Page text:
Enhancing communication skills for our leaders

Jump Simulation is working with the Ministry’s Organizational Development department to take the uncertainty out of these discussions using simulation

February 17, 2022 

Regardless of how long you’ve been in a leadership position, it’s never easy to have difficult conversations with members of your team. You can have all of the tip sheets on how to deliver positive discipline and learn all of the best practices on coaching. But until you are in the moment, you don’t know how one of these exchanges will go.

Female seated at computerJump Simulation is working with the Ministry’s Organizational Development department to take the uncertainty out of these discussions using simulation. As part of quarterly leadership development meetings, we are introducing leaders to education around the best ways to handle difficult conversations. They can then sign up to apply what they’ve learned in virtual simulated conversations with standardized participants (SPs).

“A lot of times when leaders have difficult or coaching conversations, the only two people in the room are the leader and the Mission Partner who is being coached,” said Tiffany Nieman, the manager for Organizational Development Operations. “So, it's hard to determine how it went. We saw this as an opportunity for leaders to get feedback on their performance.”

The goal is to help new and experienced OSF HealthCare leaders enhance their communication skills and become better managers as a result.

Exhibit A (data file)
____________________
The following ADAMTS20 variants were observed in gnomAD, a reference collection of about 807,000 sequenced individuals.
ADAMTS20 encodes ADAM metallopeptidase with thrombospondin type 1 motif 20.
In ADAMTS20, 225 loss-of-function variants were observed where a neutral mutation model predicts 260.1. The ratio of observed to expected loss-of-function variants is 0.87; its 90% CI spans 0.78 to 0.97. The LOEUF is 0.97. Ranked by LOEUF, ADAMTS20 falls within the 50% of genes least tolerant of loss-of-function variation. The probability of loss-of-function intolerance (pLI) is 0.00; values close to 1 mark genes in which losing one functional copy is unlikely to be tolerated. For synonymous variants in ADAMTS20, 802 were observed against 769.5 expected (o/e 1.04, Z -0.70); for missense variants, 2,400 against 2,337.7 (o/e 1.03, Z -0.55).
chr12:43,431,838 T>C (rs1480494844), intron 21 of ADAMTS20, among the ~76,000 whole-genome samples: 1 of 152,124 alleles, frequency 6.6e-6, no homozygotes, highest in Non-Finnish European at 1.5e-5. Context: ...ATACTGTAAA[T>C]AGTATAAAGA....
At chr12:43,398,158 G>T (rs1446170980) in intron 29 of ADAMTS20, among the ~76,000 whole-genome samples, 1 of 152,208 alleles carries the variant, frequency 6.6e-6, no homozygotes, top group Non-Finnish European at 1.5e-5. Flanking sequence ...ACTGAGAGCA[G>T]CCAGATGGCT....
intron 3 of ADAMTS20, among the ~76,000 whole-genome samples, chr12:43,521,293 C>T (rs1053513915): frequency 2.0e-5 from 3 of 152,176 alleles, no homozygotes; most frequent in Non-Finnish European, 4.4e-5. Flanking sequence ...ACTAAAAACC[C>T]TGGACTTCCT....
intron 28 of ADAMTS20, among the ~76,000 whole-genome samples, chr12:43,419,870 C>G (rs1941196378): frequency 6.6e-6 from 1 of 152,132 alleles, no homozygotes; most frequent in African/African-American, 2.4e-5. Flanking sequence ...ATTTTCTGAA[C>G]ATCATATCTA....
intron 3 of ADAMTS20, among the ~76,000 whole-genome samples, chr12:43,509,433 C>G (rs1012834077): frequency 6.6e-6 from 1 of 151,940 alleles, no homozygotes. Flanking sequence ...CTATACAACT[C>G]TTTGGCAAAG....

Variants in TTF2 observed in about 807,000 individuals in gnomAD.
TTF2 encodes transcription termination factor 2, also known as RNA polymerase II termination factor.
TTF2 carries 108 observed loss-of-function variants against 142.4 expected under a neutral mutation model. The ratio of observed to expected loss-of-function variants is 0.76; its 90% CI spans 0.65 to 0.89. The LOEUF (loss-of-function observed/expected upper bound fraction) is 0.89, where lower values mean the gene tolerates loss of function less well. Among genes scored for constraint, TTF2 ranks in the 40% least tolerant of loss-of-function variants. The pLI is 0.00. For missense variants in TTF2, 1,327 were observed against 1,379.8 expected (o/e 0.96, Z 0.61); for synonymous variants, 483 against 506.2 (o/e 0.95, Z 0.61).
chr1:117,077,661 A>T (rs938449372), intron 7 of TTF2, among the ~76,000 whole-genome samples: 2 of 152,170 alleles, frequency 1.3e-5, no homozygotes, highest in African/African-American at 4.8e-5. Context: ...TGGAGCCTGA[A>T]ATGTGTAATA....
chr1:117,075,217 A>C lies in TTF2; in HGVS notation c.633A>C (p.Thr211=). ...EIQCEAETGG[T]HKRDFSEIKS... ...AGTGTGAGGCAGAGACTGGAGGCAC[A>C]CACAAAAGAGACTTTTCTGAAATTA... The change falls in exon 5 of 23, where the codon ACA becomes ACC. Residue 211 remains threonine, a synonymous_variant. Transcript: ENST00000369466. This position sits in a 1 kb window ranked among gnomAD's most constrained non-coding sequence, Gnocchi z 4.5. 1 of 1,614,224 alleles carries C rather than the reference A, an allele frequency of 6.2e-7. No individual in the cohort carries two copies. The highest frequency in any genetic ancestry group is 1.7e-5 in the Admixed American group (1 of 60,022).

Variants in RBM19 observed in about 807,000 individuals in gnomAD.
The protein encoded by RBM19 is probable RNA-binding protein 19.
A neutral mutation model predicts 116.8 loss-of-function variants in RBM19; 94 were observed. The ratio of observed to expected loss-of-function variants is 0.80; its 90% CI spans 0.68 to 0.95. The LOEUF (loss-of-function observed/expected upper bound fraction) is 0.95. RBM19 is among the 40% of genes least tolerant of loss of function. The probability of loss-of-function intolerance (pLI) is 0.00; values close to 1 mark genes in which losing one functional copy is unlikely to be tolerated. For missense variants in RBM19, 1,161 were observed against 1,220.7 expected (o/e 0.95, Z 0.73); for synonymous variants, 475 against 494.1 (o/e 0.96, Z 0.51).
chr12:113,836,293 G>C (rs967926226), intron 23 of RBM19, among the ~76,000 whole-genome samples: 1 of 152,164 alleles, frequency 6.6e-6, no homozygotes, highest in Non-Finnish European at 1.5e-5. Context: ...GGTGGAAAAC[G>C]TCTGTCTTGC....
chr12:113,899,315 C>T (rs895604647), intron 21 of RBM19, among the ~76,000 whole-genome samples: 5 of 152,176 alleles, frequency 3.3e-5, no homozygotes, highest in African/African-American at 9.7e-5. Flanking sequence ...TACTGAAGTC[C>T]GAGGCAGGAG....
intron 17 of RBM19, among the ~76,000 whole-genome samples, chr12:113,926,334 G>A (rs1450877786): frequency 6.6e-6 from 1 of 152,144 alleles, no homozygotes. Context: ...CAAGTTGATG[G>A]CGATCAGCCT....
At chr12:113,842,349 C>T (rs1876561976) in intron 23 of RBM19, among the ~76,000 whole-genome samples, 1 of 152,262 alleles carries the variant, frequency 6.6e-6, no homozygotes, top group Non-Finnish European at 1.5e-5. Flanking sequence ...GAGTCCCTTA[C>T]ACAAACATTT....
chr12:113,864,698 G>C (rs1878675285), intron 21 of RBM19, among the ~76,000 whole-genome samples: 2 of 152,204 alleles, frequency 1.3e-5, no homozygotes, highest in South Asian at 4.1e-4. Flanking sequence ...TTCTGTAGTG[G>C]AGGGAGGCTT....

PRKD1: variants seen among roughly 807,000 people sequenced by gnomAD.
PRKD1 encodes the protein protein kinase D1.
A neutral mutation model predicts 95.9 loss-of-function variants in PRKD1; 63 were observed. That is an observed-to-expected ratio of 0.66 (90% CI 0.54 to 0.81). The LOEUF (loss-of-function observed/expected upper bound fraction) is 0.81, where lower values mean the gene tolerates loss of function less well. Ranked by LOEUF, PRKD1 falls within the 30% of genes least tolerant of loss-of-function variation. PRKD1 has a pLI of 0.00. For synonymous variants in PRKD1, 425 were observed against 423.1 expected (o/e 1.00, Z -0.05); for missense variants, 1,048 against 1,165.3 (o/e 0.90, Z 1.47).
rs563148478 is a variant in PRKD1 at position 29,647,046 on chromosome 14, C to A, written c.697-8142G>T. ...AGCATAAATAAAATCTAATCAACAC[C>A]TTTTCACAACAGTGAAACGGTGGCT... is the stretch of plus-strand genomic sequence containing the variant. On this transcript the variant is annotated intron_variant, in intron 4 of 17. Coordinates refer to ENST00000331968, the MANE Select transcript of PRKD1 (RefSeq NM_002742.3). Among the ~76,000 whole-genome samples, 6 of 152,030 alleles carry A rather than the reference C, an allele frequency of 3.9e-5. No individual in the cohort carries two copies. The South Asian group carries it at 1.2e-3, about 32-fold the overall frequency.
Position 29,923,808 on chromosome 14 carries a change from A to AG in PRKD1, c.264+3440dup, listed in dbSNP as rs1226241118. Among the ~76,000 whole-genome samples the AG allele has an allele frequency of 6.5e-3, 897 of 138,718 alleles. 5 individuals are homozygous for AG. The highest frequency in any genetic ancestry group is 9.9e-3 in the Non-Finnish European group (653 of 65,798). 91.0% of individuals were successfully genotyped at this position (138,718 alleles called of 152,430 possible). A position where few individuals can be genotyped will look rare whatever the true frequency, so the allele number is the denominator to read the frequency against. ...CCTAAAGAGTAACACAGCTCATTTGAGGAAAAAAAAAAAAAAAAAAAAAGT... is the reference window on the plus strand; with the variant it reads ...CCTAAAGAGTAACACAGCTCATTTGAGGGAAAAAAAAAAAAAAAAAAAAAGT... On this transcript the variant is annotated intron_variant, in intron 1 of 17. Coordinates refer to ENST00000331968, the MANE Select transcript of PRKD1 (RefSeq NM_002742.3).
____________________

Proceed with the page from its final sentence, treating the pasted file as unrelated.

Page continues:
How it works

Jump and Organizational Development kicked off this effort in the Eastern Region where 15 leaders signed up to participate. The managers worked with Jump to write up conversations they intend to have with Mission Partners that include both best and worst case scenarios.

Those dialogues were then shared with SPs to carry out.

“We allotted 20 minutes for leaders to practice their individualized coaching conversations with SPs,” said Nieman. “The SPs were phenomenal and really embraced their Mission Partner personas. Our leaders were impressed with the opportunity.”

After the sessions were over, SPs offered feedback on how the conversation went. The recorded discussions were also shared with mentors from Human Resources to provide further assessment.

“We received a great response from the leaders who participated in these simulated conversations,” said Nieman. “For us, it was a great chance to give our leaders the practice they need to build confidence when dealing with these difficult talks with Mission Partners.”

The intent is to continue offering these opportunities for practice during leadership training meetings across the Ministry. We are also offering difficult conversation simulations during new leader orientation.

Simulation: a better way to practice

There’s been the misconception for a while that leaders can practice difficult conversations with each other. But we have found that it's hard for colleagues to step out of who they are and play that Mission Partner a leader needs them to be. In addition, it's hard for them to provide feedback if a conversation doesn’t go well.

That’s why Jump and Organizational Development saw such a huge opportunity in using simulation to build communication skills. Having an SP who can embody a Mission Partner and pivot how they respond to difficult conversations makes a difference, and helps leaders prepare for any situation that comes their way.

Featured Author

nikki-delinski3.jpgNikki Delinski , DNP, MSN, RN, is the Director of Educational Operations for Jump Simulation where she is responsible for the operational efficiency of the simulation center and sustaining quality education best practices. Nikki started her nursing career in Cardiovascular Intensive Care where she found her true passion for education.

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